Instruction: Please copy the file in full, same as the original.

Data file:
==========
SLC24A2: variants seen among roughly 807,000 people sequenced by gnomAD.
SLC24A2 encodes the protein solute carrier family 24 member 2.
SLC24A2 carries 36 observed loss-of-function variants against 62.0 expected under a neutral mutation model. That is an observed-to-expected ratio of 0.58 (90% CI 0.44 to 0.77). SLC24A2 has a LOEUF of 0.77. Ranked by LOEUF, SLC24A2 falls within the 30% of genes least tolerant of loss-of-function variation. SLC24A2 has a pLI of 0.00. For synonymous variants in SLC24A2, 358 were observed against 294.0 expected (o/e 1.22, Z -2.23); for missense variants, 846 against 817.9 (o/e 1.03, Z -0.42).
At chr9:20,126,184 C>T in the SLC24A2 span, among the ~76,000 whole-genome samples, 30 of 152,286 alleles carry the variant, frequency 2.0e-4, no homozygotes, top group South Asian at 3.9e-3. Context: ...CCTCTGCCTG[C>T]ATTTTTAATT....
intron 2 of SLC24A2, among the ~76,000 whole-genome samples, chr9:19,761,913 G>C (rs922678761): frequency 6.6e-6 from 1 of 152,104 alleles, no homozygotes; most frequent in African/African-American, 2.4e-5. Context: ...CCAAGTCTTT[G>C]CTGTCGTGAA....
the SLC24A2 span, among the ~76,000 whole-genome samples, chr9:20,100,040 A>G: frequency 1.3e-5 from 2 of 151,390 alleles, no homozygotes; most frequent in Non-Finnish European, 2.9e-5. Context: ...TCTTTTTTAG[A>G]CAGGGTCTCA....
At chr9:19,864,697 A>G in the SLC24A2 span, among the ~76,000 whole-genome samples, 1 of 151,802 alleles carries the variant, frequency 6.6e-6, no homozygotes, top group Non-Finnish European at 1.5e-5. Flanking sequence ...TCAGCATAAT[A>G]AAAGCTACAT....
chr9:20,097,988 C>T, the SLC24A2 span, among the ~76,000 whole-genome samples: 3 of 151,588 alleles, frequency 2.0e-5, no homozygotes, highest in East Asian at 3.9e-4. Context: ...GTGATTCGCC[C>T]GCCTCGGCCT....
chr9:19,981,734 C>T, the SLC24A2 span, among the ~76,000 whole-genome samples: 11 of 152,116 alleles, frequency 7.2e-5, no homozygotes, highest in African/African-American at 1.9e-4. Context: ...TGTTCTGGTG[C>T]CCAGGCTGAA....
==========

SLC24A2: variants seen among roughly 807,000 people sequenced by gnomAD.
SLC24A2 encodes the protein solute carrier family 24 member 2.
SLC24A2 carries 36 observed loss-of-function variants against 62.0 expected under a neutral mutation model. That is an observed-to-expected ratio of 0.58 (90% CI 0.44 to 0.77). SLC24A2 has a LOEUF of 0.77. Ranked by LOEUF, SLC24A2 falls within the 30% of genes least tolerant of loss-of-function variation. SLC24A2 has a pLI of 0.00. For synonymous variants in SLC24A2, 358 were observed against 294.0 expected (o/e 1.22, Z -2.23); for missense variants, 846 against 817.9 (o/e 1.03, Z -0.42).
At chr9:20,126,184 C>T in the SLC24A2 span, among the ~76,000 whole-genome samples, 30 of 152,286 alleles carry the variant, frequency 2.0e-4, no homozygotes, top group South Asian at 3.9e-3. Context: ...CCTCTGCCTG[C>T]ATTTTTAATT....
intron 2 of SLC24A2, among the ~76,000 whole-genome samples, chr9:19,761,913 G>C (rs922678761): frequency 6.6e-6 from 1 of 152,104 alleles, no homozygotes; most frequent in African/African-American, 2.4e-5. Context: ...CCAAGTCTTT[G>C]CTGTCGTGAA....
the SLC24A2 span, among the ~76,000 whole-genome samples, chr9:20,100,040 A>G: frequency 1.3e-5 from 2 of 151,390 alleles, no homozygotes; most frequent in Non-Finnish European, 2.9e-5. Context: ...TCTTTTTTAG[A>G]CAGGGTCTCA....
At chr9:19,864,697 A>G in the SLC24A2 span, among the ~76,000 whole-genome samples, 1 of 151,802 alleles carries the variant, frequency 6.6e-6, no homozygotes, top group Non-Finnish European at 1.5e-5. Flanking sequence ...TCAGCATAAT[A>G]AAAGCTACAT....
chr9:20,097,988 C>T, the SLC24A2 span, among the ~76,000 whole-genome samples: 3 of 151,588 alleles, frequency 2.0e-5, no homozygotes, highest in East Asian at 3.9e-4. Context: ...GTGATTCGCC[C>T]GCCTCGGCCT....
chr9:19,981,734 C>T, the SLC24A2 span, among the ~76,000 whole-genome samples: 11 of 152,116 alleles, frequency 7.2e-5, no homozygotes, highest in African/African-American at 1.9e-4. Context: ...TGTTCTGGTG[C>T]CCAGGCTGAA....